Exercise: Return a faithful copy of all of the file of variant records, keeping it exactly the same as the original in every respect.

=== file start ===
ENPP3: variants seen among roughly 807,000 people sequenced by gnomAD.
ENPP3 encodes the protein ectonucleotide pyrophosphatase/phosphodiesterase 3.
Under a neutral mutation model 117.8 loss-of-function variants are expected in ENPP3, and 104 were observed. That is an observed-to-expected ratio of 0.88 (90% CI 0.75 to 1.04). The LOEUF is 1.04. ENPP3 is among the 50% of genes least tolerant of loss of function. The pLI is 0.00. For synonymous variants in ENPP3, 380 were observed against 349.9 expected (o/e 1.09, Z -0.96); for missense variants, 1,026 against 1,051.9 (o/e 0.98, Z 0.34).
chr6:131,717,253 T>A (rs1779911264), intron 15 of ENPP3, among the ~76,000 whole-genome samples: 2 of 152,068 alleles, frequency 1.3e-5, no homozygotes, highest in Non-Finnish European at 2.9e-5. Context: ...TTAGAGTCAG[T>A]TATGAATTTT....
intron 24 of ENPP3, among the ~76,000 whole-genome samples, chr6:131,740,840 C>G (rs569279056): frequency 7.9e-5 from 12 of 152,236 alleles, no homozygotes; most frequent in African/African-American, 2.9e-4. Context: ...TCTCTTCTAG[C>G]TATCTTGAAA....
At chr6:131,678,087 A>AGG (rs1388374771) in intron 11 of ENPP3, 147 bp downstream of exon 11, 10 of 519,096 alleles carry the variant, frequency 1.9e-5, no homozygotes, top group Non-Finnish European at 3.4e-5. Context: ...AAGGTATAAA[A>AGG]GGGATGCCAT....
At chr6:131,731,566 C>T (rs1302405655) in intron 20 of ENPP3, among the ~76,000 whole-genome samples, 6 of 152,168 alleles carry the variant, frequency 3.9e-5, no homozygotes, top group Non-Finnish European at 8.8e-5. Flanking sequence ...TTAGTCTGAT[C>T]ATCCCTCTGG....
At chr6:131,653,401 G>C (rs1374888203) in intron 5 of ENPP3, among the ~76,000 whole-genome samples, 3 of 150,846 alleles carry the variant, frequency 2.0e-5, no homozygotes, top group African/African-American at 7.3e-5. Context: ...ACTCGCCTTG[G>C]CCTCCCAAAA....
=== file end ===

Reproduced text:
ENPP3: variants seen among roughly 807,000 people sequenced by gnomAD.
ENPP3 encodes the protein ectonucleotide pyrophosphatase/phosphodiesterase 3.
Under a neutral mutation model 117.8 loss-of-function variants are expected in ENPP3, and 104 were observed. That is an observed-to-expected ratio of 0.88 (90% CI 0.75 to 1.04). The LOEUF is 1.04. ENPP3 is among the 50% of genes least tolerant of loss of function. The pLI is 0.00. For synonymous variants in ENPP3, 380 were observed against 349.9 expected (o/e 1.09, Z -0.96); for missense variants, 1,026 against 1,051.9 (o/e 0.98, Z 0.34).
chr6:131,717,253 T>A (rs1779911264), intron 15 of ENPP3, among the ~76,000 whole-genome samples: 2 of 152,068 alleles, frequency 1.3e-5, no homozygotes, highest in Non-Finnish European at 2.9e-5. Context: ...TTAGAGTCAG[T>A]TATGAATTTT....
intron 24 of ENPP3, among the ~76,000 whole-genome samples, chr6:131,740,840 C>G (rs569279056): frequency 7.9e-5 from 12 of 152,236 alleles, no homozygotes; most frequent in African/African-American, 2.9e-4. Context: ...TCTCTTCTAG[C>G]TATCTTGAAA....
At chr6:131,678,087 A>AGG (rs1388374771) in intron 11 of ENPP3, 147 bp downstream of exon 11, 10 of 519,096 alleles carry the variant, frequency 1.9e-5, no homozygotes, top group Non-Finnish European at 3.4e-5. Context: ...AAGGTATAAA[A>AGG]GGGATGCCAT....
At chr6:131,731,566 C>T (rs1302405655) in intron 20 of ENPP3, among the ~76,000 whole-genome samples, 6 of 152,168 alleles carry the variant, frequency 3.9e-5, no homozygotes, top group Non-Finnish European at 8.8e-5. Flanking sequence ...TTAGTCTGAT[C>T]ATCCCTCTGG....
At chr6:131,653,401 G>C (rs1374888203) in intron 5 of ENPP3, among the ~76,000 whole-genome samples, 3 of 150,846 alleles carry the variant, frequency 2.0e-5, no homozygotes, top group African/African-American at 7.3e-5. Context: ...ACTCGCCTTG[G>C]CCTCCCAAAA....